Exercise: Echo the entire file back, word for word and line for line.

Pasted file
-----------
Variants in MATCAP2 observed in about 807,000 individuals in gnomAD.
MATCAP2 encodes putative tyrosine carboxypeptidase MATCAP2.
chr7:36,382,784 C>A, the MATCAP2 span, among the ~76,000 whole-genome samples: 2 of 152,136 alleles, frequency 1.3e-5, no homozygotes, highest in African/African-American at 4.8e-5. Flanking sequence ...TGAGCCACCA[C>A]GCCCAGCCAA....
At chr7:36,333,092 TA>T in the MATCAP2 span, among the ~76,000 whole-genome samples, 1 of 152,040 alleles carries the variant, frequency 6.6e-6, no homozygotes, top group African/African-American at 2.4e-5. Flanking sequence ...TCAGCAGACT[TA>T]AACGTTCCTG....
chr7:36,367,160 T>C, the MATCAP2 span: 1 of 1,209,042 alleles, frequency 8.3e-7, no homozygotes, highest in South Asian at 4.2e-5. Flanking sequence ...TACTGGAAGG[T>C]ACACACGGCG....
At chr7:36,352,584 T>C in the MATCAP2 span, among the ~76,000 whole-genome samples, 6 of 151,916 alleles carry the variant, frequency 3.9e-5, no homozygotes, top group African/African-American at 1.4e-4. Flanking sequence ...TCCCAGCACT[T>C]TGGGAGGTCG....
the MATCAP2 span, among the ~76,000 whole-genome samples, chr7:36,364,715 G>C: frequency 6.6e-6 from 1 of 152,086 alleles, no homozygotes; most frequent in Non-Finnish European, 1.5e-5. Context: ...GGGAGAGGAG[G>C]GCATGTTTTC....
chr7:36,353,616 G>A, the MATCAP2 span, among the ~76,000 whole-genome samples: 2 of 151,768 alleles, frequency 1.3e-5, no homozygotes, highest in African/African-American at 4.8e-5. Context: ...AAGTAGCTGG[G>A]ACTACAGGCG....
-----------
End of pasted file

Variants in MATCAP2 observed in about 807,000 individuals in gnomAD.
MATCAP2 encodes putative tyrosine carboxypeptidase MATCAP2.
chr7:36,382,784 C>A, the MATCAP2 span, among the ~76,000 whole-genome samples: 2 of 152,136 alleles, frequency 1.3e-5, no homozygotes, highest in African/African-American at 4.8e-5. Flanking sequence ...TGAGCCACCA[C>A]GCCCAGCCAA....
At chr7:36,333,092 TA>T in the MATCAP2 span, among the ~76,000 whole-genome samples, 1 of 152,040 alleles carries the variant, frequency 6.6e-6, no homozygotes, top group African/African-American at 2.4e-5. Flanking sequence ...TCAGCAGACT[TA>T]AACGTTCCTG....
chr7:36,367,160 T>C, the MATCAP2 span: 1 of 1,209,042 alleles, frequency 8.3e-7, no homozygotes, highest in South Asian at 4.2e-5. Flanking sequence ...TACTGGAAGG[T>C]ACACACGGCG....
At chr7:36,352,584 T>C in the MATCAP2 span, among the ~76,000 whole-genome samples, 6 of 151,916 alleles carry the variant, frequency 3.9e-5, no homozygotes, top group African/African-American at 1.4e-4. Flanking sequence ...TCCCAGCACT[T>C]TGGGAGGTCG....
the MATCAP2 span, among the ~76,000 whole-genome samples, chr7:36,364,715 G>C: frequency 6.6e-6 from 1 of 152,086 alleles, no homozygotes; most frequent in Non-Finnish European, 1.5e-5. Context: ...GGGAGAGGAG[G>C]GCATGTTTTC....
chr7:36,353,616 G>A, the MATCAP2 span, among the ~76,000 whole-genome samples: 2 of 151,768 alleles, frequency 1.3e-5, no homozygotes, highest in African/African-American at 4.8e-5. Context: ...AAGTAGCTGG[G>A]ACTACAGGCG....